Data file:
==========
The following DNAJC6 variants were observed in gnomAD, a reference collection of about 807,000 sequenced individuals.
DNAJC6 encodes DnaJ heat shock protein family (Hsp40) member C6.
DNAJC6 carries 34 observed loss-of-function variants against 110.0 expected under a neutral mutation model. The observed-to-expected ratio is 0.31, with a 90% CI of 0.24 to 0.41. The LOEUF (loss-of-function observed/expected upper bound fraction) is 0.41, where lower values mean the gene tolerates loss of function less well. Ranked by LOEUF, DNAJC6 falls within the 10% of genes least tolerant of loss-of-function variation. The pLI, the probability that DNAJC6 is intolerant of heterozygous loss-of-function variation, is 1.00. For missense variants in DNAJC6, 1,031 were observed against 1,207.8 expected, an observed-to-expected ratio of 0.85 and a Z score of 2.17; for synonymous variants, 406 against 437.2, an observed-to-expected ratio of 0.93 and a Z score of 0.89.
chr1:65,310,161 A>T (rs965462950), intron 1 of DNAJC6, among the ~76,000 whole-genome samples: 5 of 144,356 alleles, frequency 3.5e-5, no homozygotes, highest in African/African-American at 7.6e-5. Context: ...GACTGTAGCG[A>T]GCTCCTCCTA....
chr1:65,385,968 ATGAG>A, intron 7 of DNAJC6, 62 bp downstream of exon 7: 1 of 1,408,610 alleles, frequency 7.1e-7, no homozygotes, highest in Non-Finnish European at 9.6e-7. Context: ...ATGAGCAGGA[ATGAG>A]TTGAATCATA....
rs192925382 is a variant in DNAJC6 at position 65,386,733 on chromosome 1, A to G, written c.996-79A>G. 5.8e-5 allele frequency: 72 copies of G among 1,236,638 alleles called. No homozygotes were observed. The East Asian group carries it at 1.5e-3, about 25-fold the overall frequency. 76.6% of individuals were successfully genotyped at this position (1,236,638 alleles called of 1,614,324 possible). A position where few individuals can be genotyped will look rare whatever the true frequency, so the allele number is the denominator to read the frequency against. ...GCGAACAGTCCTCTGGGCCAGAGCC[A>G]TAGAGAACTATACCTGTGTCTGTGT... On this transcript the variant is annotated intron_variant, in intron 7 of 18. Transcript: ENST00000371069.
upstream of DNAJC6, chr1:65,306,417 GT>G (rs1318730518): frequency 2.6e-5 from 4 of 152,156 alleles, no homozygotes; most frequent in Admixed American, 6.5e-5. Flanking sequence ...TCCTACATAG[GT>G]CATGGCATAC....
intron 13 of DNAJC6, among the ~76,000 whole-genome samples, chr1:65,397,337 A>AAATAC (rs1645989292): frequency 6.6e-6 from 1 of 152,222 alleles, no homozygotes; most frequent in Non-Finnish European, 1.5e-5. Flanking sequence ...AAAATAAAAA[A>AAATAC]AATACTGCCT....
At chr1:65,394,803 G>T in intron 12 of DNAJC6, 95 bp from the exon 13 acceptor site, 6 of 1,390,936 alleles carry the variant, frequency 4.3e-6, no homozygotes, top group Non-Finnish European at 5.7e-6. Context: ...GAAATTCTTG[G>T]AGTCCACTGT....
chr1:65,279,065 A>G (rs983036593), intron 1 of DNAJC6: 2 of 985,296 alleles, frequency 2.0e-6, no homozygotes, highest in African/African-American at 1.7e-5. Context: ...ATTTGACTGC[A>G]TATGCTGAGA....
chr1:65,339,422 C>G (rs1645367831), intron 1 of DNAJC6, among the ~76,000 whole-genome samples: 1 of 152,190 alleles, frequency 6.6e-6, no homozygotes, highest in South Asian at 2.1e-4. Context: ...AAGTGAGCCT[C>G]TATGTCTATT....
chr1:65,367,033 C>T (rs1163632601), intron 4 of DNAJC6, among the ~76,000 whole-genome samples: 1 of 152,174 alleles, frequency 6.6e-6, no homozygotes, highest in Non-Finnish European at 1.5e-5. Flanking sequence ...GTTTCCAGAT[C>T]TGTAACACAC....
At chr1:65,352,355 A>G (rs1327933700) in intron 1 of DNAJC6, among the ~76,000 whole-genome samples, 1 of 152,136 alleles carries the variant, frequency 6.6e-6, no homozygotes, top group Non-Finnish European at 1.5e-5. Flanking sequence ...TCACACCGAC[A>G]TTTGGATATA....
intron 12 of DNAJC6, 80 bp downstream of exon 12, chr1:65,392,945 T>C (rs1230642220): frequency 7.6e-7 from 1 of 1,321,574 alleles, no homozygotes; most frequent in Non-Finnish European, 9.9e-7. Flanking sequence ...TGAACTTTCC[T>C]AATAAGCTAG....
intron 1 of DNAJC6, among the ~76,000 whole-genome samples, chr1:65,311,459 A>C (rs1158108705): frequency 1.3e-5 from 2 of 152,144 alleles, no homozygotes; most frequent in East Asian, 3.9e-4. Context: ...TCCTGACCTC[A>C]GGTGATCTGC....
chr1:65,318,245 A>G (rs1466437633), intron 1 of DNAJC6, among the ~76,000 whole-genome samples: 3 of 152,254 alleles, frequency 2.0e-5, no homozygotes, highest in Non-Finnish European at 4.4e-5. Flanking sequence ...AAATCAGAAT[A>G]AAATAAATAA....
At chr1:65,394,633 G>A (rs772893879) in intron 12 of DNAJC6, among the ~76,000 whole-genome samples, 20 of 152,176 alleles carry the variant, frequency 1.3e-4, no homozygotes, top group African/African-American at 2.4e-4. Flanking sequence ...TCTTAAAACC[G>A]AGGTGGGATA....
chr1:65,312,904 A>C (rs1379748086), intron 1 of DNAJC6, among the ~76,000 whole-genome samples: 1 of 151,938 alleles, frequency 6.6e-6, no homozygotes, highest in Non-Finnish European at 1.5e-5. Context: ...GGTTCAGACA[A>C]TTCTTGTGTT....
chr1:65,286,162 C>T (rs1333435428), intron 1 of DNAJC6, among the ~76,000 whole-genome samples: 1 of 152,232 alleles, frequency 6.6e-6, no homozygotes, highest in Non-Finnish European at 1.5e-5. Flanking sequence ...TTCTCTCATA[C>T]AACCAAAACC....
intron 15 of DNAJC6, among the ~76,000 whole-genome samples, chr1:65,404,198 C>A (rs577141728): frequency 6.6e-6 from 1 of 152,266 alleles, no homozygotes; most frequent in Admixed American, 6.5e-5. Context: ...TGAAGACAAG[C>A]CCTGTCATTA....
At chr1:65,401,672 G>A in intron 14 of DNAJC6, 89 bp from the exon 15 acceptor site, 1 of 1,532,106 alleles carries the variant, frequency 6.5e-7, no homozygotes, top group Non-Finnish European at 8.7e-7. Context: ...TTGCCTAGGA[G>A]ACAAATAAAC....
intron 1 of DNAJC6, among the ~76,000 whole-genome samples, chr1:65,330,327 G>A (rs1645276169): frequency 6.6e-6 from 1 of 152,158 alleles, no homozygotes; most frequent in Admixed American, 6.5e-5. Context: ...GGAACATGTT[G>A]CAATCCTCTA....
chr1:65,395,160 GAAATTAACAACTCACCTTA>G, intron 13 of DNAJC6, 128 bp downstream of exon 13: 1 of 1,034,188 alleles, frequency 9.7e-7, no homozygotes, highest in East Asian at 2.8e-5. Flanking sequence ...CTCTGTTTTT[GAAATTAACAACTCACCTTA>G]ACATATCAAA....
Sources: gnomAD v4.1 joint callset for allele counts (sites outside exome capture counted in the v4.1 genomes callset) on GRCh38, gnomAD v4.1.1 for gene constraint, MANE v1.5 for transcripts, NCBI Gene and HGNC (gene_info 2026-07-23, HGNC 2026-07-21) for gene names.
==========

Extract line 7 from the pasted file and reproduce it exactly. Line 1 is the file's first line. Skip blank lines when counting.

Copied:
upstream of DNAJC6, chr1:65,306,417 GT>G (rs1318730518): frequency 2.6e-5 from 4 of 152,156 alleles, no homozygotes; most frequent in Admixed American, 6.5e-5. Flanking sequence ...TCCTACATAG[GT>G]CATGGCATAC....